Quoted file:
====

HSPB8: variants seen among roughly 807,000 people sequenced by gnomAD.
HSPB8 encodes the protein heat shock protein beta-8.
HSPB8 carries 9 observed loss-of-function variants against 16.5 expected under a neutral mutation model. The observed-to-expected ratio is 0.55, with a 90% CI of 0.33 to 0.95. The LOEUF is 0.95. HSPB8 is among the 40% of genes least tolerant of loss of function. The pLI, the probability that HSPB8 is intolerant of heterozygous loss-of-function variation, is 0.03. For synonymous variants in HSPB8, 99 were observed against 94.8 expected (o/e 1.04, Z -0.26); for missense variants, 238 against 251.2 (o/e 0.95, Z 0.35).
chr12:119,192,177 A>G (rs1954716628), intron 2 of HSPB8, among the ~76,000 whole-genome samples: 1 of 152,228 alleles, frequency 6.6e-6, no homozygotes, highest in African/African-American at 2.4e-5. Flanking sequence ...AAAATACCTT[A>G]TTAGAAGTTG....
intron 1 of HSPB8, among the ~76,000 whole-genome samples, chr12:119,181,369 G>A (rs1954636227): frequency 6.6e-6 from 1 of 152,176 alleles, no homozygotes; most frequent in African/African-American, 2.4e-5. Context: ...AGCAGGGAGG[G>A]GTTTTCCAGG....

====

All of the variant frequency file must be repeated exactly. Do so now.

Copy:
HSPB8: variants seen among roughly 807,000 people sequenced by gnomAD.
HSPB8 encodes the protein heat shock protein beta-8.
HSPB8 carries 9 observed loss-of-function variants against 16.5 expected under a neutral mutation model. The observed-to-expected ratio is 0.55, with a 90% CI of 0.33 to 0.95. The LOEUF is 0.95. HSPB8 is among the 40% of genes least tolerant of loss of function. The pLI, the probability that HSPB8 is intolerant of heterozygous loss-of-function variation, is 0.03. For synonymous variants in HSPB8, 99 were observed against 94.8 expected (o/e 1.04, Z -0.26); for missense variants, 238 against 251.2 (o/e 0.95, Z 0.35).
chr12:119,192,177 A>G (rs1954716628), intron 2 of HSPB8, among the ~76,000 whole-genome samples: 1 of 152,228 alleles, frequency 6.6e-6, no homozygotes, highest in African/African-American at 2.4e-5. Flanking sequence ...AAAATACCTT[A>G]TTAGAAGTTG....
intron 1 of HSPB8, among the ~76,000 whole-genome samples, chr12:119,181,369 G>A (rs1954636227): frequency 6.6e-6 from 1 of 152,176 alleles, no homozygotes; most frequent in African/African-American, 2.4e-5. Context: ...AGCAGGGAGG[G>A]GTTTTCCAGG....